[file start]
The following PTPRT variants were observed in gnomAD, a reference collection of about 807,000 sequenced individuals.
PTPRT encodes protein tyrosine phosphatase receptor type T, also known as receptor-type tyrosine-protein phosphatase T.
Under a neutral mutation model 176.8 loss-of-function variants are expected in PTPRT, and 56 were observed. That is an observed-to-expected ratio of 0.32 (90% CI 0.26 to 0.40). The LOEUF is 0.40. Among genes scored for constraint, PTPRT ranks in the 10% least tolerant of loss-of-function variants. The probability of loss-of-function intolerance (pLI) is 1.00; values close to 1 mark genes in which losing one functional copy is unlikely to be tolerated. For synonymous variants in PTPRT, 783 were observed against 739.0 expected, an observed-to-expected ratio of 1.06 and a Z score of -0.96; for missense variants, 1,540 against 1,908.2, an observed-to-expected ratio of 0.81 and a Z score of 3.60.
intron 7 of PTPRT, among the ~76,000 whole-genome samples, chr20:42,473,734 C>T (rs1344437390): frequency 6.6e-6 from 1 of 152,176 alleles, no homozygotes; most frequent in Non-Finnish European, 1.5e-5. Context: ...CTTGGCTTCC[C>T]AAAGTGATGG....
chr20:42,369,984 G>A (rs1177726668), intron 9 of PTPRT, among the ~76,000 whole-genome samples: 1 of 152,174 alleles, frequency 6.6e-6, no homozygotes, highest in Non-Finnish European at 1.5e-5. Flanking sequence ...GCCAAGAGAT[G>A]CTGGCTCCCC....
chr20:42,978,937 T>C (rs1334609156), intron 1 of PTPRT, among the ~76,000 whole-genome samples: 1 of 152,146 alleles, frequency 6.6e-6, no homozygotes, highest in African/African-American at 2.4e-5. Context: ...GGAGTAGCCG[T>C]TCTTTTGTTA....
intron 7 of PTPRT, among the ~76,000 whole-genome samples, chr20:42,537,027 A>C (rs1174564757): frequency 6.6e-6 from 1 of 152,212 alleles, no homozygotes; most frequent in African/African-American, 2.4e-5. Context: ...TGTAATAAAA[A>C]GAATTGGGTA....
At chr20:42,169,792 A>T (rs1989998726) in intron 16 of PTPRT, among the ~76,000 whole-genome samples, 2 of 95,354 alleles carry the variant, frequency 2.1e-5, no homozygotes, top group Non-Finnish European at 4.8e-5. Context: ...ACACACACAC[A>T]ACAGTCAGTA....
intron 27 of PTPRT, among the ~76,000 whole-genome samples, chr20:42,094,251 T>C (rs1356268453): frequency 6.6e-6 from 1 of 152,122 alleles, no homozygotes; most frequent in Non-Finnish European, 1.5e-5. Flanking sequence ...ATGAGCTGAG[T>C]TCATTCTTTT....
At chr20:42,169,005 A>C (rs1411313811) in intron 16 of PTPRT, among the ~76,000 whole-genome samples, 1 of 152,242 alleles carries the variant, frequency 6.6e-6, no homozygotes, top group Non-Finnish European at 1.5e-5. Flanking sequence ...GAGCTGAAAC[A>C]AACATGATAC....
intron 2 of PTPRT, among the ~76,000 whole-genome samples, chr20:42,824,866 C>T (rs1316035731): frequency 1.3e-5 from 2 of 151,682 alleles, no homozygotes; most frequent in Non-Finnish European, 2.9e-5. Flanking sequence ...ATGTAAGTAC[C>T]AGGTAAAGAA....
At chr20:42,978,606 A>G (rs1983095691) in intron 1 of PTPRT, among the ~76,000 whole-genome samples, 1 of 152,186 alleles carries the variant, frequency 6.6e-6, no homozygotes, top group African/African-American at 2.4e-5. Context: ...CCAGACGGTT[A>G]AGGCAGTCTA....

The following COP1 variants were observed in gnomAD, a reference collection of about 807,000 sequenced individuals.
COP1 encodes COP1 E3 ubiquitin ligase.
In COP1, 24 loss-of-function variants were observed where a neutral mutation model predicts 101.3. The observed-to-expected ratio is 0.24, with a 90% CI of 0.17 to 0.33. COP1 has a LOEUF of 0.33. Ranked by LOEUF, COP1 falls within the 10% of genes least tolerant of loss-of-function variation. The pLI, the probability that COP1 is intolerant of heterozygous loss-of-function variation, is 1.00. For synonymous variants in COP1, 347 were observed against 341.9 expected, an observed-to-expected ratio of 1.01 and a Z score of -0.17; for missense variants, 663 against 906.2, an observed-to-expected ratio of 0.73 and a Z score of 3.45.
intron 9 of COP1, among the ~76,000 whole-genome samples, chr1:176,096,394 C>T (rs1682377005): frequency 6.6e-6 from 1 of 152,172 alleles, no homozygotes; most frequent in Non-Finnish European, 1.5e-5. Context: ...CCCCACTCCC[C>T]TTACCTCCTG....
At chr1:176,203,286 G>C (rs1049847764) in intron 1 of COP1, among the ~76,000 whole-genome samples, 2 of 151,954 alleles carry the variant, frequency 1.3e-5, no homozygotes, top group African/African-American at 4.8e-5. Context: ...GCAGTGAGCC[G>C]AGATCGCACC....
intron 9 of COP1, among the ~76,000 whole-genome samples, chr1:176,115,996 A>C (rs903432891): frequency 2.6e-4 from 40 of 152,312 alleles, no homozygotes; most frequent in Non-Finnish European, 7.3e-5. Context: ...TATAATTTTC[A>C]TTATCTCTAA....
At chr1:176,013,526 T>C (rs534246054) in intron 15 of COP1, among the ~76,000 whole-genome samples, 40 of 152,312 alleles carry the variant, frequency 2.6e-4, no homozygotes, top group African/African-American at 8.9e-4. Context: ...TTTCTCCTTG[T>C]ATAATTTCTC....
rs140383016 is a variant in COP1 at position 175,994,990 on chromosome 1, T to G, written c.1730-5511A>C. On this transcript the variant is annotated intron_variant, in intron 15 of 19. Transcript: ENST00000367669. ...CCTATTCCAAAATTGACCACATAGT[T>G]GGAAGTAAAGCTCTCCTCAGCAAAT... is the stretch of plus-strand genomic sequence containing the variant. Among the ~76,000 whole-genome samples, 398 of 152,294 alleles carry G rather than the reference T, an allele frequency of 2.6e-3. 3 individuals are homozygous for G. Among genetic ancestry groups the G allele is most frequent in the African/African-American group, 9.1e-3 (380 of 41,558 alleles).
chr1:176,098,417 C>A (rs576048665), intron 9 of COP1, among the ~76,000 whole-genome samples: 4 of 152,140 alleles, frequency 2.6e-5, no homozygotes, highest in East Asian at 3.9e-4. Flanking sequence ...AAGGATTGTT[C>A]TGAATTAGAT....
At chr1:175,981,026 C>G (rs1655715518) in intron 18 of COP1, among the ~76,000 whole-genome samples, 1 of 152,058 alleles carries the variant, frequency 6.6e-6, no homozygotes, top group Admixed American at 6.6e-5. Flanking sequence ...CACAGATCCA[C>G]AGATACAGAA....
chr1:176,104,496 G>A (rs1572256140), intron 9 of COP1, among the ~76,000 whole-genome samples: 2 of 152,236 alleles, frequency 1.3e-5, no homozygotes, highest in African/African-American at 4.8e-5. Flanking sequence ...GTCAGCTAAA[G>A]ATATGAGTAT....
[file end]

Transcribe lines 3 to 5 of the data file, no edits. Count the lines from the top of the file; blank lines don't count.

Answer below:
Under a neutral mutation model 176.8 loss-of-function variants are expected in PTPRT, and 56 were observed. That is an observed-to-expected ratio of 0.32 (90% CI 0.26 to 0.40). The LOEUF is 0.40. Among genes scored for constraint, PTPRT ranks in the 10% least tolerant of loss-of-function variants. The probability of loss-of-function intolerance (pLI) is 1.00; values close to 1 mark genes in which losing one functional copy is unlikely to be tolerated. For synonymous variants in PTPRT, 783 were observed against 739.0 expected, an observed-to-expected ratio of 1.06 and a Z score of -0.96; for missense variants, 1,540 against 1,908.2, an observed-to-expected ratio of 0.81 and a Z score of 3.60.
intron 7 of PTPRT, among the ~76,000 whole-genome samples, chr20:42,473,734 C>T (rs1344437390): frequency 6.6e-6 from 1 of 152,176 alleles, no homozygotes; most frequent in Non-Finnish European, 1.5e-5. Context: ...CTTGGCTTCC[C>T]AAAGTGATGG....
chr20:42,369,984 G>A (rs1177726668), intron 9 of PTPRT, among the ~76,000 whole-genome samples: 1 of 152,174 alleles, frequency 6.6e-6, no homozygotes, highest in Non-Finnish European at 1.5e-5. Flanking sequence ...GCCAAGAGAT[G>A]CTGGCTCCCC....